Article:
When one has cerebral palsy, he or she has a difficulty to move or perform motor skills with body coordination. That includes watching the television, which was proven to be a struggle to Jorge de Almeida from Ottawa.
His condition had left him control the TV remote through his left foot. And because the conventional remote control has tiny buttons, it usually takes five minutes for Jorge to manipulate it with his toes and find his favorite shows, the CSI and the evening news.
Upon knowing the case of Jorge, engineers from the University of Ottawa developed a solution to make watching the television easier for him. They designed a new mountable TV remote, which is the size of a textbook.
The specially-designed remote control has six large buttons for power, volume and channels. It was big enough for the convenience of Jorge to press with his left foot. It’s mounted on an adjustable frame and connects to a table with large C-clamps.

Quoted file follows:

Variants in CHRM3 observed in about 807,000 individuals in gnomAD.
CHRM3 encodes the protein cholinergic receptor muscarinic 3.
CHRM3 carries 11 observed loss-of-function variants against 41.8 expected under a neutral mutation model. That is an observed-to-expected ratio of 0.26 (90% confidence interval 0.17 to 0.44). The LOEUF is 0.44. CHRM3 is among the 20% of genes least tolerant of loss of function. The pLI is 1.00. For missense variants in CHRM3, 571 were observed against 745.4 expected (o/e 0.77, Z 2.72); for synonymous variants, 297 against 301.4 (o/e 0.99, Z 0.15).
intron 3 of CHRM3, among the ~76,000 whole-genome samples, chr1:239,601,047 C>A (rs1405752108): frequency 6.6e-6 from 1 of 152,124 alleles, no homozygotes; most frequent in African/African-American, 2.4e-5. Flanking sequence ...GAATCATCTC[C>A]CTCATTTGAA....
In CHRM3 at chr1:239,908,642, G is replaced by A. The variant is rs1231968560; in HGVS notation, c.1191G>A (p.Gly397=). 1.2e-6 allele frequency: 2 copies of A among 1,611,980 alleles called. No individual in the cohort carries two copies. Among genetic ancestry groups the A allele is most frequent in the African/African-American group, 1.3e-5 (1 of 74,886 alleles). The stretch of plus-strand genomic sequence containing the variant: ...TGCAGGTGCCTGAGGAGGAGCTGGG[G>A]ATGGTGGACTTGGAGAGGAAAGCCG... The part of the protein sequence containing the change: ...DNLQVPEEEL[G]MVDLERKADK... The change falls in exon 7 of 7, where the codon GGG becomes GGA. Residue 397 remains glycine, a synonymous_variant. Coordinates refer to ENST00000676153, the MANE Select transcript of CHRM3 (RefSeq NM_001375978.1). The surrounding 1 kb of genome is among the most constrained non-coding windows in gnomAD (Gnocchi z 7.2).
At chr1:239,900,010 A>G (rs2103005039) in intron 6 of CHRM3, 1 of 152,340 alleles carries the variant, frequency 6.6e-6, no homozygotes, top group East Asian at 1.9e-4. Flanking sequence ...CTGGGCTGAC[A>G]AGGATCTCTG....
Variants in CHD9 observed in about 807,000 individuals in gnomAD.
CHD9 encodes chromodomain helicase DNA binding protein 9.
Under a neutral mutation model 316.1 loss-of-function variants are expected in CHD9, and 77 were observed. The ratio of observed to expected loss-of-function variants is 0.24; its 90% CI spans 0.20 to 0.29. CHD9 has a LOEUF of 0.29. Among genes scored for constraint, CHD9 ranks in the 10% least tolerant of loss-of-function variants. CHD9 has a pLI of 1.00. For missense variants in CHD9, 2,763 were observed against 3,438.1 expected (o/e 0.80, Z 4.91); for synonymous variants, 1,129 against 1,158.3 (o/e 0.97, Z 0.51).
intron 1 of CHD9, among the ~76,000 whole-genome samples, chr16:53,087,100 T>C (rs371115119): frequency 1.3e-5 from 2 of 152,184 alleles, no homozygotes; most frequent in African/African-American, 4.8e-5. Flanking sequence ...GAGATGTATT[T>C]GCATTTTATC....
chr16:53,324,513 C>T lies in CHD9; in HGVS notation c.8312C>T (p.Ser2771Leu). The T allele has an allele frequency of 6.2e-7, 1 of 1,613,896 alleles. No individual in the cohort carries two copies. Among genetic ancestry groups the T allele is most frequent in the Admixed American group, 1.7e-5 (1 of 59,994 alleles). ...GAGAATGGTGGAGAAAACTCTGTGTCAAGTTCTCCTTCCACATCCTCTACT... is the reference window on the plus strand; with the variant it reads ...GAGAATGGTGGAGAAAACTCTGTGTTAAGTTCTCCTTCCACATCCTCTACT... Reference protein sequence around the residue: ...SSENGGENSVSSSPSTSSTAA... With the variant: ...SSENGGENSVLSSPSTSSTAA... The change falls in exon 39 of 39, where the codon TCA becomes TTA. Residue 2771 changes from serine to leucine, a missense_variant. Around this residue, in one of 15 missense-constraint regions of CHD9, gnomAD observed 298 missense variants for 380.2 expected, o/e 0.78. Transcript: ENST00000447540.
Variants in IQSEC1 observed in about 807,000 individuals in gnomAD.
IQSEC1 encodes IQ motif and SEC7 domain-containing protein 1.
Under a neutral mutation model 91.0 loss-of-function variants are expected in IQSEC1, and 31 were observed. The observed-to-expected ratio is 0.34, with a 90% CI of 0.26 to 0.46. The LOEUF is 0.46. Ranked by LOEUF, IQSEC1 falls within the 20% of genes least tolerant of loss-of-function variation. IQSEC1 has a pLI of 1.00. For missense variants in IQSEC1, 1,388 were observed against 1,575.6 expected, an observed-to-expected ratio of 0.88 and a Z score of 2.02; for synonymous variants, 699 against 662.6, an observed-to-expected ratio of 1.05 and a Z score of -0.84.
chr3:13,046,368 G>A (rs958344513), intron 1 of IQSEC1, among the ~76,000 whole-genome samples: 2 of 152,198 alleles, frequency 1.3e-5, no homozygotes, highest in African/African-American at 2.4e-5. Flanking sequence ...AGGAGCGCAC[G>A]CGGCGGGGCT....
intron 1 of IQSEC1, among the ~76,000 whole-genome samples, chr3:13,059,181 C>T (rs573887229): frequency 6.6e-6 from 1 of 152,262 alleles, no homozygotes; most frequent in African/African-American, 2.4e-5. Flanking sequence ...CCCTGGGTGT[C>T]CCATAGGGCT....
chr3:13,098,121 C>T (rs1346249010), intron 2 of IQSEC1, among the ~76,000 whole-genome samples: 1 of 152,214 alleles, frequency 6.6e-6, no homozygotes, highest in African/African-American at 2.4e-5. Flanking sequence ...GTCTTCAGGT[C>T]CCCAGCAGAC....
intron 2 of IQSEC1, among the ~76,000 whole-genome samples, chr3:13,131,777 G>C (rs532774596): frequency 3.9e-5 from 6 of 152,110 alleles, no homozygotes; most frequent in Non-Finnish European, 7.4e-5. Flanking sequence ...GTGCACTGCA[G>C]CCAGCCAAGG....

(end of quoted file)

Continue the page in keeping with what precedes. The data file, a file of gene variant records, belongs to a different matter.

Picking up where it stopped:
It was built for him using the University of Ottawa’s 3D printer. The cost of the device totaled to $200.
When Jorge was finally able to test the device at the university’s second annual Design Day showcase, two words came out of him: good work. This he said through a chair-mounted keypad that he also controls with his left foot.
Harjot Chahal, one of the 5 young engineers who helped Jorge, have met the man with cerebral palsy to understand the issues he had with his TV remote.
“He was using a basic Rogers Cable TV remote taped to the side of a table — and he was kicking it with his toe,” says Chahal. “Try to imagine it: the buttons were so small, it was crazy. We tried it; we couldn’t do it.”
Jorge figured that the group wanted to help him. He requested to get a remote that was big enough to operate with his foot. And that was a wish granted.
The team garnered the third place overall on Design Day with the TV remote project. They placed first in the accessible designs category.
Source: Ottawa Citizen